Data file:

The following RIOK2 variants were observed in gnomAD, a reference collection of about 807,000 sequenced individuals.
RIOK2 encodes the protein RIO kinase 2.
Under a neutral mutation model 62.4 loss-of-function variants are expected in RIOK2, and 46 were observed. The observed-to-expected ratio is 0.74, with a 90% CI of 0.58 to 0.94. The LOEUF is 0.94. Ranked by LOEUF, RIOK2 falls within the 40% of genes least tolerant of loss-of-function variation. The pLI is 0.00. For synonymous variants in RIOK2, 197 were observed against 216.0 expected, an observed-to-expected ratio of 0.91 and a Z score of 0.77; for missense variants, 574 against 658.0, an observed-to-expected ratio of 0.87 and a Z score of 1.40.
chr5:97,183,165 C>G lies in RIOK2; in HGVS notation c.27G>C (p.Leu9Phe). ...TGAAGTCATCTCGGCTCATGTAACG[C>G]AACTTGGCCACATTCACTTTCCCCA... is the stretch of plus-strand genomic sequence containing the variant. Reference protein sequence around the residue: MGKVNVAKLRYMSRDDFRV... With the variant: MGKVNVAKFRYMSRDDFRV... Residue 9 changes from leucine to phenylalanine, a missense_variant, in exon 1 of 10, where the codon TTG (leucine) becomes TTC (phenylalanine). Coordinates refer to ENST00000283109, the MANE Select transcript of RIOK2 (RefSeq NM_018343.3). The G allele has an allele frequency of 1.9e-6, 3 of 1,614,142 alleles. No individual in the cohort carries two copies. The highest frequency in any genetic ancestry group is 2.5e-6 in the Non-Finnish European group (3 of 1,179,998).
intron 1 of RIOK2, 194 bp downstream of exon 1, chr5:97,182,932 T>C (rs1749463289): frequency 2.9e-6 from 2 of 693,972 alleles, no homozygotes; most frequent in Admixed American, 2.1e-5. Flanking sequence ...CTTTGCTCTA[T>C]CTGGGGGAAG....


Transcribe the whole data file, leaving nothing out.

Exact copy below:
The following RIOK2 variants were observed in gnomAD, a reference collection of about 807,000 sequenced individuals.
RIOK2 encodes the protein RIO kinase 2.
Under a neutral mutation model 62.4 loss-of-function variants are expected in RIOK2, and 46 were observed. The observed-to-expected ratio is 0.74, with a 90% CI of 0.58 to 0.94. The LOEUF is 0.94. Ranked by LOEUF, RIOK2 falls within the 40% of genes least tolerant of loss-of-function variation. The pLI is 0.00. For synonymous variants in RIOK2, 197 were observed against 216.0 expected, an observed-to-expected ratio of 0.91 and a Z score of 0.77; for missense variants, 574 against 658.0, an observed-to-expected ratio of 0.87 and a Z score of 1.40.
chr5:97,183,165 C>G lies in RIOK2; in HGVS notation c.27G>C (p.Leu9Phe). ...TGAAGTCATCTCGGCTCATGTAACG[C>G]AACTTGGCCACATTCACTTTCCCCA... is the stretch of plus-strand genomic sequence containing the variant. Reference protein sequence around the residue: MGKVNVAKLRYMSRDDFRV... With the variant: MGKVNVAKFRYMSRDDFRV... Residue 9 changes from leucine to phenylalanine, a missense_variant, in exon 1 of 10, where the codon TTG (leucine) becomes TTC (phenylalanine). Coordinates refer to ENST00000283109, the MANE Select transcript of RIOK2 (RefSeq NM_018343.3). The G allele has an allele frequency of 1.9e-6, 3 of 1,614,142 alleles. No individual in the cohort carries two copies. The highest frequency in any genetic ancestry group is 2.5e-6 in the Non-Finnish European group (3 of 1,179,998).
intron 1 of RIOK2, 194 bp downstream of exon 1, chr5:97,182,932 T>C (rs1749463289): frequency 2.9e-6 from 2 of 693,972 alleles, no homozygotes; most frequent in Admixed American, 2.1e-5. Flanking sequence ...CTTTGCTCTA[T>C]CTGGGGGAAG....